- Tourism operator TUI plans sale of stock from its 14% holding
- Analyst sees IPO window open after Hapag's first-half profit
Hapag-Lloyd AG, Germany’s biggest shipping line, is seeking to raise $500 million from the sale of new shares this year as it presses ahead with an initial public offering even as the Chinese economic slowdown and a rout in Volkswagen AG shares sparked turmoil on stock markets.
The container carrier expects to collect about $400 million from institutional and retail investors, Hapag-Lloyd said in a statement Monday. Two of its largest owners, billionaire Klaus-Michael Kuehne and Valparaiso, Chile-based Cia. Sud Americana de Vapores, have agreed to place extra orders for a total of $100 million in stock, while German tourism operator TUI AG will sell an unspecified part of its 14 percent holding.
The Hamburg-based company merged last year with CSAV’s container-shipping operations to create what was then the world’s fourth-largest cargo line by capacity. In recent weeks, Hapag-Lloyd has fallen to fifth place after being overtaken by Taiwanese shipper Evergreen Line, according to trade publication Alphaliner.
“While the industry environment remains challenging, we see Hapag-Lloyd well on track for an IPO as the synergy effects from the CSAV merger are higher than initially expected and it recorded a profit in the first two quarters of the year,” Thomas Wybierek, a shipping analyst at NordLB, said by phone.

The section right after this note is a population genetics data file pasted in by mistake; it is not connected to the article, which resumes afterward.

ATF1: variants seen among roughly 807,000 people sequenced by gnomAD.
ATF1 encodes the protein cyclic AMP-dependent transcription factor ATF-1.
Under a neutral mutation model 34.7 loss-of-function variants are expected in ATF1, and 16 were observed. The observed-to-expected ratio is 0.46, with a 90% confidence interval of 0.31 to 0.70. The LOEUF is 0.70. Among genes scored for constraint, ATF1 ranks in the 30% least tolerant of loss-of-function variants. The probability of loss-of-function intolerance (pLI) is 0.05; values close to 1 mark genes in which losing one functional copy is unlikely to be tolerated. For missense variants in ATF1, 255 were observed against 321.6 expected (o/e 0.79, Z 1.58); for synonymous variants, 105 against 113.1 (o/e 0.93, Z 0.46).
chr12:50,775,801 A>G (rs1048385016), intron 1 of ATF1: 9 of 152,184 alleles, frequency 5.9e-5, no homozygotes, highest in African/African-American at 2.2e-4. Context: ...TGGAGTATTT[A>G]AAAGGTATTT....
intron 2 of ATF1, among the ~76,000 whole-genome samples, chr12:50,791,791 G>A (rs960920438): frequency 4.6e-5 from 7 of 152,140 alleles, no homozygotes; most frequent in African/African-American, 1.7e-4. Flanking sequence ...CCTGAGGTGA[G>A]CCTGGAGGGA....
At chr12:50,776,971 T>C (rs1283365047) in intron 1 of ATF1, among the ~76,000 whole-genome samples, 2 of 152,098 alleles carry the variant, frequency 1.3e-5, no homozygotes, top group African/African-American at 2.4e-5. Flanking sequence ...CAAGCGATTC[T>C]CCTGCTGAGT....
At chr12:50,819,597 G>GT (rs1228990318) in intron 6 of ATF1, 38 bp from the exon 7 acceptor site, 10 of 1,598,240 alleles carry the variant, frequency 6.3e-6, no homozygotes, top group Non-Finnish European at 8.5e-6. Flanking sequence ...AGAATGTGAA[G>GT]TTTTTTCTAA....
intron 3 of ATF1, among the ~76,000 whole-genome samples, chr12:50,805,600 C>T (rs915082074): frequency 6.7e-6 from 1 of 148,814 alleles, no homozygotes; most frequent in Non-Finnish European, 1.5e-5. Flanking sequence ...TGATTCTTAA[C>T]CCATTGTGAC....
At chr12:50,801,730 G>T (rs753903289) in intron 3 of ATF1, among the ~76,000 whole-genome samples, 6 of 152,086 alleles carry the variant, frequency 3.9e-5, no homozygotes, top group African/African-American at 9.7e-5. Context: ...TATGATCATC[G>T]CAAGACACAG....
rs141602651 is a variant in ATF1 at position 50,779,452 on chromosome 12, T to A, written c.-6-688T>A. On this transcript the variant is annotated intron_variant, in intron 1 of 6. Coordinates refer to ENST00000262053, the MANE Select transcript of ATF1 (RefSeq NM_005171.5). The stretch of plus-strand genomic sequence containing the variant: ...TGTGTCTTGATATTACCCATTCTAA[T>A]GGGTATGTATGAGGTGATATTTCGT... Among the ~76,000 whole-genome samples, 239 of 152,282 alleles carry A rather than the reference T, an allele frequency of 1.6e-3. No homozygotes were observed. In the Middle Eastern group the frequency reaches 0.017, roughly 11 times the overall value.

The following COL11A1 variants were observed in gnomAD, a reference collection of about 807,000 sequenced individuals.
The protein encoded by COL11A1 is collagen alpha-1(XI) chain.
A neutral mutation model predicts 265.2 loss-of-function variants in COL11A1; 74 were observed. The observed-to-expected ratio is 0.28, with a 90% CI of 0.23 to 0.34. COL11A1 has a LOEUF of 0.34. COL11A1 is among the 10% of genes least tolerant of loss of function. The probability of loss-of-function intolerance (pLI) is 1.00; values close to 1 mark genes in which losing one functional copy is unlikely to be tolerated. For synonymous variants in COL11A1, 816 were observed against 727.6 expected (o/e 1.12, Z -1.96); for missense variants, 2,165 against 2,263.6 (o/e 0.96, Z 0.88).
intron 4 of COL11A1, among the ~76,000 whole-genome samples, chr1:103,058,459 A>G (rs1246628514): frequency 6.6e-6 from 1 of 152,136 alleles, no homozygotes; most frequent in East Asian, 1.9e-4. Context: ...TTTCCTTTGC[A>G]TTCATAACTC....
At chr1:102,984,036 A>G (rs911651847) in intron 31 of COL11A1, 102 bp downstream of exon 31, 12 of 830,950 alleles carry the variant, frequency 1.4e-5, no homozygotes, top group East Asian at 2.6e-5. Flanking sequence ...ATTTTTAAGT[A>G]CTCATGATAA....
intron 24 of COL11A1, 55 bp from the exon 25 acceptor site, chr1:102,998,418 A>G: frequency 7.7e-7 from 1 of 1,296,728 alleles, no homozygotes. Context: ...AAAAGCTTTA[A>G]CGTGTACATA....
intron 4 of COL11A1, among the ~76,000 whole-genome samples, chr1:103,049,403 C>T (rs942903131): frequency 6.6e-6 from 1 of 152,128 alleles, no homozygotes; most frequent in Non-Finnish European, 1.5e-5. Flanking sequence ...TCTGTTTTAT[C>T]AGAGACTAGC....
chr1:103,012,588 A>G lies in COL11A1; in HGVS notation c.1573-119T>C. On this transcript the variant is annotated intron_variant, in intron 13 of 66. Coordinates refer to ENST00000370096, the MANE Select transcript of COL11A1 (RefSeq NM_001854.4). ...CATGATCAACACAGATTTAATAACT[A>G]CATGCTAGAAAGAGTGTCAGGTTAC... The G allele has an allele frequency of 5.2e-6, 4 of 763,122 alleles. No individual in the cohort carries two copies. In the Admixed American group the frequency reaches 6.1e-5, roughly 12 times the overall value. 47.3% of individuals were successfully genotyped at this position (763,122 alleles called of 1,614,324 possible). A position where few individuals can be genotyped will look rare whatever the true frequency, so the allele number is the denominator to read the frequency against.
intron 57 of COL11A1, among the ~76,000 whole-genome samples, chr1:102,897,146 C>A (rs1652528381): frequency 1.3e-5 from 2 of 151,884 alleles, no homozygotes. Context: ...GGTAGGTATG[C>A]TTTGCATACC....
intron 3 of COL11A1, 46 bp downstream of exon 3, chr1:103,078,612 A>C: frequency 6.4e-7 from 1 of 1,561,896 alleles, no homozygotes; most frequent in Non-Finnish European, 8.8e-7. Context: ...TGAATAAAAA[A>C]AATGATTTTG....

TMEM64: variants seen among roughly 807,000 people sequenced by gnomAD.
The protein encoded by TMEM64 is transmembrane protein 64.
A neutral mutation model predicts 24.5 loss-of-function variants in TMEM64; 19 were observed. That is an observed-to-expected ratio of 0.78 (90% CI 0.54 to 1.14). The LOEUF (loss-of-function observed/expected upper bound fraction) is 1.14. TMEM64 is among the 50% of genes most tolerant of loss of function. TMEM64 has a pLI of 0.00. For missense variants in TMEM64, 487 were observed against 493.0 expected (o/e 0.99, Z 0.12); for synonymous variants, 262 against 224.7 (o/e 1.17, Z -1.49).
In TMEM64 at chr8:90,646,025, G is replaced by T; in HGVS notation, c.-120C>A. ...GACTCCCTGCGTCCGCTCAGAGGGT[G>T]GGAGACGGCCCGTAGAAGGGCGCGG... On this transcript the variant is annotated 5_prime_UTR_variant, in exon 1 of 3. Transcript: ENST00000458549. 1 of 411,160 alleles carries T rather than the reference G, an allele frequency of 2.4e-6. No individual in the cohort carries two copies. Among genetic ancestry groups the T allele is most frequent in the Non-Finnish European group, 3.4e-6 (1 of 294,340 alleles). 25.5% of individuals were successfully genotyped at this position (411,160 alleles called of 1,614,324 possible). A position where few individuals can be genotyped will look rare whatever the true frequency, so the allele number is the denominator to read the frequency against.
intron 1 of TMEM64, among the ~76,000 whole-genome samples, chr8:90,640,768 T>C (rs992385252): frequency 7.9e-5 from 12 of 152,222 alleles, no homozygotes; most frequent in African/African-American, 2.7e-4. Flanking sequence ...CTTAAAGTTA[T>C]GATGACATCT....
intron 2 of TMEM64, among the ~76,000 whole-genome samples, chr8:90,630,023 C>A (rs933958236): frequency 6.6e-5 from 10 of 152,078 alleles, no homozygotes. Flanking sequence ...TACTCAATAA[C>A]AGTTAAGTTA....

Cost reductions from combining with CSAV’s business prompted Hapag-Lloyd to widen a spending-cut target by one-third in August to $400 million and accelerate the deadline for the goal by two years to 2017. Hapag-Lloyd is pushing ahead with the IPO plan after returning to profit in the first half of 2015, counting on global container shipping volume to rise an average 3 percent to 5 percent over the next five years.
Proceeds from the sale will be used “for further investments in ships and containers to further strengthen its capital structure, long-term growth and profitability,” Hapag-Lloyd said. The stock will trade in Frankfurt on the prime standard exchange and in Hamburg on the regulated market. The company plans to pursue “strategic acquisitions or further business combinations in a consolidation-driven market environment.”
The offer will also comprise an over-allotment option, the company said, without specifying an amount. Hapag-Lloyd may sell stock as early as October, according to a person familiar with the matter.
Kuehne and CSAV have agreed to hold a stake of at least 51 percent for 10 years and to pool their voting rights. TUI, which has said it wants eventually to dispose of its entire Hapag-Lloyd stake, rose as much as 0.4 percent and was trading up 0.3 percent at 16.59 euros as of 1:30 p.m.
Berenberg Bank, Deutsche Bank AG and Goldman Sachs Group Inc.’s international unit will manage the sale as joint global coordinators and bookrunners. Citigroup Inc., Credit Suisse Group AG, HSBC Holdings Plc and UniCredit SpA are additional joint bookrunners and DZ Bank AG, ING Groep NV and M.M. Warburg & Co. will act as co-lead managers.
Companies are forging ahead with initial share sales, though struggling with turbulence on equity markets prompted by a scandal over Volkswagen’s admission of cheating on U.S. emissions tests for years. The carmaker’s shares plunged 34 percent last week, dragging Germany’s benchmark DAX Index down 2.3 percent. Drugmaker Bayer AG is still planning a 2.5 billion-euro listing of plastics unit Covestro, while auto-parts and bearings producer Schaeffler AG aims to collect 3 billion euros in an IPO.
Hapag-Lloyd is on target to meet its 2015 profit goal of “clearly positive” adjusted earnings before interest and tax this year, though it’s “still too early” to determine profit in the second half because the annual jump in shipments from Asia to Europe for Christmas has yet to get under way, Chief Executive Officer Rolf Habben Jansen said last week in an interview.